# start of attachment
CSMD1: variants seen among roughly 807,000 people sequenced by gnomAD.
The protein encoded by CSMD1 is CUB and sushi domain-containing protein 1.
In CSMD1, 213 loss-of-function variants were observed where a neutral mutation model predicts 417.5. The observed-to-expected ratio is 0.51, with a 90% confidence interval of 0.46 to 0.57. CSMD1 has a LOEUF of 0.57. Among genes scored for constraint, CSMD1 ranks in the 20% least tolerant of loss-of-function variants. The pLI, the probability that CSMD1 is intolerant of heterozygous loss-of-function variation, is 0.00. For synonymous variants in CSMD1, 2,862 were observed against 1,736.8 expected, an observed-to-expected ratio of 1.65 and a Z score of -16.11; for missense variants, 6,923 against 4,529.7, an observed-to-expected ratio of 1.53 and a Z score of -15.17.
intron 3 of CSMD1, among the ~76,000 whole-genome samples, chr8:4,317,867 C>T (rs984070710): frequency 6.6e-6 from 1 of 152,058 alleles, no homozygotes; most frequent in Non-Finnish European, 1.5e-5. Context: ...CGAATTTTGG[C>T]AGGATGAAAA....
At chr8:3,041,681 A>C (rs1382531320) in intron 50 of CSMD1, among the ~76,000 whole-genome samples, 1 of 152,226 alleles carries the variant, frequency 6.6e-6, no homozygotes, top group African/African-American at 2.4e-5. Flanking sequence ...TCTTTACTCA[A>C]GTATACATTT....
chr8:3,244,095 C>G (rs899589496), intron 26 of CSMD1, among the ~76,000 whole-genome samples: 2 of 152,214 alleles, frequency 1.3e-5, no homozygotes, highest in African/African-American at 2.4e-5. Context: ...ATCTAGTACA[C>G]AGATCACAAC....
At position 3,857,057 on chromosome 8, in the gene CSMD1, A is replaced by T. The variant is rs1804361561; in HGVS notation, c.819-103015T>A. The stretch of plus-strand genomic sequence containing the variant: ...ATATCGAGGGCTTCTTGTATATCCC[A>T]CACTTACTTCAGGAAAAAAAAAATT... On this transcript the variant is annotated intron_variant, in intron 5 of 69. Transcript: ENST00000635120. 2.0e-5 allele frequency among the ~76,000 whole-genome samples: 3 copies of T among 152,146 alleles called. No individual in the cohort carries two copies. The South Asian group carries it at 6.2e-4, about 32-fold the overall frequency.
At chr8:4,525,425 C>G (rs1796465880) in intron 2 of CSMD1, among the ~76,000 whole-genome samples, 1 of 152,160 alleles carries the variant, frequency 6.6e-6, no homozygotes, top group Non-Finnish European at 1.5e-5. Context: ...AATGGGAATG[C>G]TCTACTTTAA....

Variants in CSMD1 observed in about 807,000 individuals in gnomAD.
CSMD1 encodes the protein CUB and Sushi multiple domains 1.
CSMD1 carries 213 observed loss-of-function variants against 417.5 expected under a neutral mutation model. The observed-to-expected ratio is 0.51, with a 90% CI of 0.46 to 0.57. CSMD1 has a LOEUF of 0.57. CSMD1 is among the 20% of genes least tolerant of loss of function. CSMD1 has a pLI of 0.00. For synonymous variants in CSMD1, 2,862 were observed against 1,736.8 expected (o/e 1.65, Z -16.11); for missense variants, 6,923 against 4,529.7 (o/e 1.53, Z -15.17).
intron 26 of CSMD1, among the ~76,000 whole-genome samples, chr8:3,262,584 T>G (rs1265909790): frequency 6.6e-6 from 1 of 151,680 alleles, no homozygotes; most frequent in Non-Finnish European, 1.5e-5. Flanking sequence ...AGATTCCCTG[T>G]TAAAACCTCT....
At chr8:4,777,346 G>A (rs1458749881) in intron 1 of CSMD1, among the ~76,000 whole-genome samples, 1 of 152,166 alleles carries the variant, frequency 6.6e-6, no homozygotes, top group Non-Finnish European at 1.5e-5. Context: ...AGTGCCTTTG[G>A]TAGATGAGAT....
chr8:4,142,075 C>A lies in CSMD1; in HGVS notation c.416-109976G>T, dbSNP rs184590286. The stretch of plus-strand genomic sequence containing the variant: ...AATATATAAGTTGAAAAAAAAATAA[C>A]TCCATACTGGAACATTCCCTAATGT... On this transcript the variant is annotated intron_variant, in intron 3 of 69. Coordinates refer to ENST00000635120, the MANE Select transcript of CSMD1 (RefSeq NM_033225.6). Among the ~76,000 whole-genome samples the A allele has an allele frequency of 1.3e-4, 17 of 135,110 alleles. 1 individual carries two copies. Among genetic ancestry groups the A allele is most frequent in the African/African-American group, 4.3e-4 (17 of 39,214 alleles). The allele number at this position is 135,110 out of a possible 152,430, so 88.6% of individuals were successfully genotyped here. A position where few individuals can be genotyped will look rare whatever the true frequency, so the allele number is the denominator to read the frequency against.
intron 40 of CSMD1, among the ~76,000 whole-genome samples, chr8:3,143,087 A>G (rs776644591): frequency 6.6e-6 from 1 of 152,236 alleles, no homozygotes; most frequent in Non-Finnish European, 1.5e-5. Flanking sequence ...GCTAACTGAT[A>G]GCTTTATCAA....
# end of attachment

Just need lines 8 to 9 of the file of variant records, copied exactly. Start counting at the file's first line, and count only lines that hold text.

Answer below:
At chr8:4,525,425 C>G (rs1796465880) in intron 2 of CSMD1, among the ~76,000 whole-genome samples, 1 of 152,160 alleles carries the variant, frequency 6.6e-6, no homozygotes, top group Non-Finnish European at 1.5e-5. Context: ...AATGGGAATG[C>G]TCTACTTTAA....

Variants in CSMD1 observed in about 807,000 individuals in gnomAD.